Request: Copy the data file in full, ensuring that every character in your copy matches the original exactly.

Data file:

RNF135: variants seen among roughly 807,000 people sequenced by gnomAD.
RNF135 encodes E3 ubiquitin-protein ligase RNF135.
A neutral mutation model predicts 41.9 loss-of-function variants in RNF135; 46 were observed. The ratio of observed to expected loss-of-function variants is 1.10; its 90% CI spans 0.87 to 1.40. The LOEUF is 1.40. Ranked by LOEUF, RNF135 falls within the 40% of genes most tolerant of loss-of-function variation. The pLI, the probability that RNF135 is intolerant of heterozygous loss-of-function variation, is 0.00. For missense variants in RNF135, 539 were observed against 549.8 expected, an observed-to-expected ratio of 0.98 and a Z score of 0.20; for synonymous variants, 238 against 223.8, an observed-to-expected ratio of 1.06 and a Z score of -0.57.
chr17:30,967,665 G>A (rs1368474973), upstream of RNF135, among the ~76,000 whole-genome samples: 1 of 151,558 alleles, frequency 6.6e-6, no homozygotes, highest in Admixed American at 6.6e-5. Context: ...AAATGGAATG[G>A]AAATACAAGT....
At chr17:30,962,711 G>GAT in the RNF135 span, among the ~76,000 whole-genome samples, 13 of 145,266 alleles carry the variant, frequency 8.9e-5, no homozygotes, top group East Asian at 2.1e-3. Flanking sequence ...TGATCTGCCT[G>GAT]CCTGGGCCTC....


RNF135: variants seen among roughly 807,000 people sequenced by gnomAD.
RNF135 encodes E3 ubiquitin-protein ligase RNF135.
A neutral mutation model predicts 41.9 loss-of-function variants in RNF135; 46 were observed. The ratio of observed to expected loss-of-function variants is 1.10; its 90% CI spans 0.87 to 1.40. The LOEUF is 1.40. Ranked by LOEUF, RNF135 falls within the 40% of genes most tolerant of loss-of-function variation. The pLI, the probability that RNF135 is intolerant of heterozygous loss-of-function variation, is 0.00. For missense variants in RNF135, 539 were observed against 549.8 expected, an observed-to-expected ratio of 0.98 and a Z score of 0.20; for synonymous variants, 238 against 223.8, an observed-to-expected ratio of 1.06 and a Z score of -0.57.
chr17:30,967,665 G>A (rs1368474973), upstream of RNF135, among the ~76,000 whole-genome samples: 1 of 151,558 alleles, frequency 6.6e-6, no homozygotes, highest in Admixed American at 6.6e-5. Context: ...AAATGGAATG[G>A]AAATACAAGT....
At chr17:30,962,711 G>GAT in the RNF135 span, among the ~76,000 whole-genome samples, 13 of 145,266 alleles carry the variant, frequency 8.9e-5, no homozygotes, top group East Asian at 2.1e-3. Flanking sequence ...TGATCTGCCT[G>GAT]CCTGGGCCTC....